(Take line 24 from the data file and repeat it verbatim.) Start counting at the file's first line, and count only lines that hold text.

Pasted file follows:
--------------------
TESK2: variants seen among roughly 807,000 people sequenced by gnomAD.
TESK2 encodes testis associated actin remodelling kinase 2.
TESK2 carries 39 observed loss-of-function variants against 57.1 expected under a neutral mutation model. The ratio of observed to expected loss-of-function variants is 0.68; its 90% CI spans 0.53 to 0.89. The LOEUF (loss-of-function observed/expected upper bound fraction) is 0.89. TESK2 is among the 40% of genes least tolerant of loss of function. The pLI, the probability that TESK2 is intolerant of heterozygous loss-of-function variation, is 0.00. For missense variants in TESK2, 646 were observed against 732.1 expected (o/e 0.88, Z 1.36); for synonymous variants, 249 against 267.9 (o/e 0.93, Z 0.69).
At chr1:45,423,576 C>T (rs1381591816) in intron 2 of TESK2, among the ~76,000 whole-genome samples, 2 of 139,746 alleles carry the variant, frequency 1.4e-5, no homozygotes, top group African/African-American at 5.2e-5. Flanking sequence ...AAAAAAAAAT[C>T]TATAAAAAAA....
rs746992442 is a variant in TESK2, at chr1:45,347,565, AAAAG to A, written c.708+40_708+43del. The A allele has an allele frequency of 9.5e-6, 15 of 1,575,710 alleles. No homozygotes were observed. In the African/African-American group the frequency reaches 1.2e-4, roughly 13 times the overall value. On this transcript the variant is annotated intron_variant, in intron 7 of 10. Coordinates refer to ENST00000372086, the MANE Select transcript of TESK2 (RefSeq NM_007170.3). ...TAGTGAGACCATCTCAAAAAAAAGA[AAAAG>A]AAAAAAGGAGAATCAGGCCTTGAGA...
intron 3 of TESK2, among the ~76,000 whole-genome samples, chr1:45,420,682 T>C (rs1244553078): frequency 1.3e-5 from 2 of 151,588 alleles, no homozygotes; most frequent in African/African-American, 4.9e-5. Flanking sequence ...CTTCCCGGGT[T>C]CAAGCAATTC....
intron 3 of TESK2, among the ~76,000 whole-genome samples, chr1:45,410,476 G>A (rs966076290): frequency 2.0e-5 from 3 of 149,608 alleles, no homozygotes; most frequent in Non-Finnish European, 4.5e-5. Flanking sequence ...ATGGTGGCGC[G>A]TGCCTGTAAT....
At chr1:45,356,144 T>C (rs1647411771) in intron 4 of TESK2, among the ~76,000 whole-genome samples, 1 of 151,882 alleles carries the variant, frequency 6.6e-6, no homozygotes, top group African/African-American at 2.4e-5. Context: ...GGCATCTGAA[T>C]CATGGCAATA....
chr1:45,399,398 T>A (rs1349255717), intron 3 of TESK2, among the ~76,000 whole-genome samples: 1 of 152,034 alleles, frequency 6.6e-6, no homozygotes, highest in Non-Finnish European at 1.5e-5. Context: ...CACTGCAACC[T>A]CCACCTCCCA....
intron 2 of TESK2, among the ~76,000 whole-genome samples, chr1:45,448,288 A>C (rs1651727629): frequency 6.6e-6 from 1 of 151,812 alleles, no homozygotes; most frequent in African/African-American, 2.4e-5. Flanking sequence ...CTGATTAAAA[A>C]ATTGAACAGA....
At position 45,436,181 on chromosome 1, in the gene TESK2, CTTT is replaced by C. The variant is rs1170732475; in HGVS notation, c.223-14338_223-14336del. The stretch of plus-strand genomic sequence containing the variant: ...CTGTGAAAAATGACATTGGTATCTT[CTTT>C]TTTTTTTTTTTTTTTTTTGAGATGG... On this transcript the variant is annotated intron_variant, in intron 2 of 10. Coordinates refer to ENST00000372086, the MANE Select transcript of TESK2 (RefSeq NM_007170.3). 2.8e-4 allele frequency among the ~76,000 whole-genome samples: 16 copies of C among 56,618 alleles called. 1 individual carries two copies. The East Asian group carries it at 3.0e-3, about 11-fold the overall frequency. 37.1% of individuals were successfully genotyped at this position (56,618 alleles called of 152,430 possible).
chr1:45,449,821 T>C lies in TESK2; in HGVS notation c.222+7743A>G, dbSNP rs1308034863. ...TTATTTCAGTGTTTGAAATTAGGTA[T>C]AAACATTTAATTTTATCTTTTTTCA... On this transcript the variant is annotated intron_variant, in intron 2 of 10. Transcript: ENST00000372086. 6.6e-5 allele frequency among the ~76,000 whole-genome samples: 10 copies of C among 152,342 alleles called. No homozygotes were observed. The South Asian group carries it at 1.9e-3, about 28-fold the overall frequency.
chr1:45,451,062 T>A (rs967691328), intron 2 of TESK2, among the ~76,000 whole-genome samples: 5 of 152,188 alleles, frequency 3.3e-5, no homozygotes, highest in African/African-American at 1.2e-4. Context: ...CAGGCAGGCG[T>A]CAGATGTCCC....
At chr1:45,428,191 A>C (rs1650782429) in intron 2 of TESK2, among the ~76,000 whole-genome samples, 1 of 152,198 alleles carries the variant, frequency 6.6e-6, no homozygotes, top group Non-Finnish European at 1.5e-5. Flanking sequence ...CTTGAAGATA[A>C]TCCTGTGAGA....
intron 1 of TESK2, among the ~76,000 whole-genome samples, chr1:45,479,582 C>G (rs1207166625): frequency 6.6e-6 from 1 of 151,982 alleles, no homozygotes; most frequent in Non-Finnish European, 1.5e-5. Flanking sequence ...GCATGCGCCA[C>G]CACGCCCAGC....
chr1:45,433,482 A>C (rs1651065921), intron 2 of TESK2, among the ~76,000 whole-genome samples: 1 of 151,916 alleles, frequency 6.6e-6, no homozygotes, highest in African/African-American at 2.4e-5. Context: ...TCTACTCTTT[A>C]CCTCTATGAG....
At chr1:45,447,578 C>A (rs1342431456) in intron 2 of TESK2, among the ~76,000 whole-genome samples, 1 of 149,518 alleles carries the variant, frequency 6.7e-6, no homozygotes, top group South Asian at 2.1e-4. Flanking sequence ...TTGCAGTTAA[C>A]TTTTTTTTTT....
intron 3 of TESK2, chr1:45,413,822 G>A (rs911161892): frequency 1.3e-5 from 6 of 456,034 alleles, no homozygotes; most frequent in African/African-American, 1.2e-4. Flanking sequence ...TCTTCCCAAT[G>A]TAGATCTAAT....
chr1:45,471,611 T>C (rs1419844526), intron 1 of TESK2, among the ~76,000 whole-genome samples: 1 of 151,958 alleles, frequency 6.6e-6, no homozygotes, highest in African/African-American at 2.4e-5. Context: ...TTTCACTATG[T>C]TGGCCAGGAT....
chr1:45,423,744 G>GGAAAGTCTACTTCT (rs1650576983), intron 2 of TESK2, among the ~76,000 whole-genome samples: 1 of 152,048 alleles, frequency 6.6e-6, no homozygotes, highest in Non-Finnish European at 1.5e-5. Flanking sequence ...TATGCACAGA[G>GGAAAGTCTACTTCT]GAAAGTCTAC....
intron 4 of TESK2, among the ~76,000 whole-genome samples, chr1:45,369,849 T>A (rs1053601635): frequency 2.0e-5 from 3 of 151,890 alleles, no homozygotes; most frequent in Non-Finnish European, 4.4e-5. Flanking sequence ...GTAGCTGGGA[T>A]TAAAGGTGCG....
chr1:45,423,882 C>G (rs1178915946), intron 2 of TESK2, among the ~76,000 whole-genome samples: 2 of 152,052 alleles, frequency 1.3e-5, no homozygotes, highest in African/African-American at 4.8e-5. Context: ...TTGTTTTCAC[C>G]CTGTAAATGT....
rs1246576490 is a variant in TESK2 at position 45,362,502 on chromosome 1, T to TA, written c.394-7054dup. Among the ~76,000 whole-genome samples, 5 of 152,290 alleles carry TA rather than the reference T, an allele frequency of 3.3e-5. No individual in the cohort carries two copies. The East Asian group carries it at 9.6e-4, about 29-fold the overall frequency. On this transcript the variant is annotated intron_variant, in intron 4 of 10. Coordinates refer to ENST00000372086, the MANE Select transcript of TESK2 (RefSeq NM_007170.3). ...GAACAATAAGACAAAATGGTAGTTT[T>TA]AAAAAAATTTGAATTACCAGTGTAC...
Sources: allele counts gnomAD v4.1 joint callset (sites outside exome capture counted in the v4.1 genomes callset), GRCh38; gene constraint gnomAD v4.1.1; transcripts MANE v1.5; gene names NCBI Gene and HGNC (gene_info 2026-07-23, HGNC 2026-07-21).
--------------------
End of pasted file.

Sources: allele counts gnomAD v4.1 joint callset (sites outside exome capture counted in the v4.1 genomes callset), GRCh38; gene constraint gnomAD v4.1.1; transcripts MANE v1.5; gene names NCBI Gene and HGNC (gene_info 2026-07-23, HGNC 2026-07-21).